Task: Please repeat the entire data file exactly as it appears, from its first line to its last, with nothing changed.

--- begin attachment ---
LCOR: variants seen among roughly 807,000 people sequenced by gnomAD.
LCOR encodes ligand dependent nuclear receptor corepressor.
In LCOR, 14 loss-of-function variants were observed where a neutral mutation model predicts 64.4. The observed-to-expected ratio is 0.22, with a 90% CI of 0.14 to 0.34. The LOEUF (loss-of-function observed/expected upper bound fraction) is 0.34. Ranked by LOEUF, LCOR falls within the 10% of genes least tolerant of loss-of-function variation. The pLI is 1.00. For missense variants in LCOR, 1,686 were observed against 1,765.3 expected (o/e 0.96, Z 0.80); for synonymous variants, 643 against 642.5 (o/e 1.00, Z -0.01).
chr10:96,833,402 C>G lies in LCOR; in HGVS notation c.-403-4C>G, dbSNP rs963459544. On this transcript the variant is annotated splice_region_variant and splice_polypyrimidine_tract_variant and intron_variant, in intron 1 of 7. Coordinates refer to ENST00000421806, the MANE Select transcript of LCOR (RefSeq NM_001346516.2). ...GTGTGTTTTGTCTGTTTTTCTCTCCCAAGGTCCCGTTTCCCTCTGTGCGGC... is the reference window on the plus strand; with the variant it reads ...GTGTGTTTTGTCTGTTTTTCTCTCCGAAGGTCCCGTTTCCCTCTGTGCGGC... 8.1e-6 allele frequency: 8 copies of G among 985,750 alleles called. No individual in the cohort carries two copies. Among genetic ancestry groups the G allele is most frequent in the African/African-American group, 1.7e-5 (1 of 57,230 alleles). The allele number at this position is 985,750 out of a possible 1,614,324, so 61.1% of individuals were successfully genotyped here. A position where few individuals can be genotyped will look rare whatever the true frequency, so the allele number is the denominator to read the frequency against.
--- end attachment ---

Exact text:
LCOR: variants seen among roughly 807,000 people sequenced by gnomAD.
LCOR encodes ligand dependent nuclear receptor corepressor.
In LCOR, 14 loss-of-function variants were observed where a neutral mutation model predicts 64.4. The observed-to-expected ratio is 0.22, with a 90% CI of 0.14 to 0.34. The LOEUF (loss-of-function observed/expected upper bound fraction) is 0.34. Ranked by LOEUF, LCOR falls within the 10% of genes least tolerant of loss-of-function variation. The pLI is 1.00. For missense variants in LCOR, 1,686 were observed against 1,765.3 expected (o/e 0.96, Z 0.80); for synonymous variants, 643 against 642.5 (o/e 1.00, Z -0.01).
chr10:96,833,402 C>G lies in LCOR; in HGVS notation c.-403-4C>G, dbSNP rs963459544. On this transcript the variant is annotated splice_region_variant and splice_polypyrimidine_tract_variant and intron_variant, in intron 1 of 7. Coordinates refer to ENST00000421806, the MANE Select transcript of LCOR (RefSeq NM_001346516.2). ...GTGTGTTTTGTCTGTTTTTCTCTCCCAAGGTCCCGTTTCCCTCTGTGCGGC... is the reference window on the plus strand; with the variant it reads ...GTGTGTTTTGTCTGTTTTTCTCTCCGAAGGTCCCGTTTCCCTCTGTGCGGC... 8.1e-6 allele frequency: 8 copies of G among 985,750 alleles called. No individual in the cohort carries two copies. Among genetic ancestry groups the G allele is most frequent in the African/African-American group, 1.7e-5 (1 of 57,230 alleles). The allele number at this position is 985,750 out of a possible 1,614,324, so 61.1% of individuals were successfully genotyped here. A position where few individuals can be genotyped will look rare whatever the true frequency, so the allele number is the denominator to read the frequency against.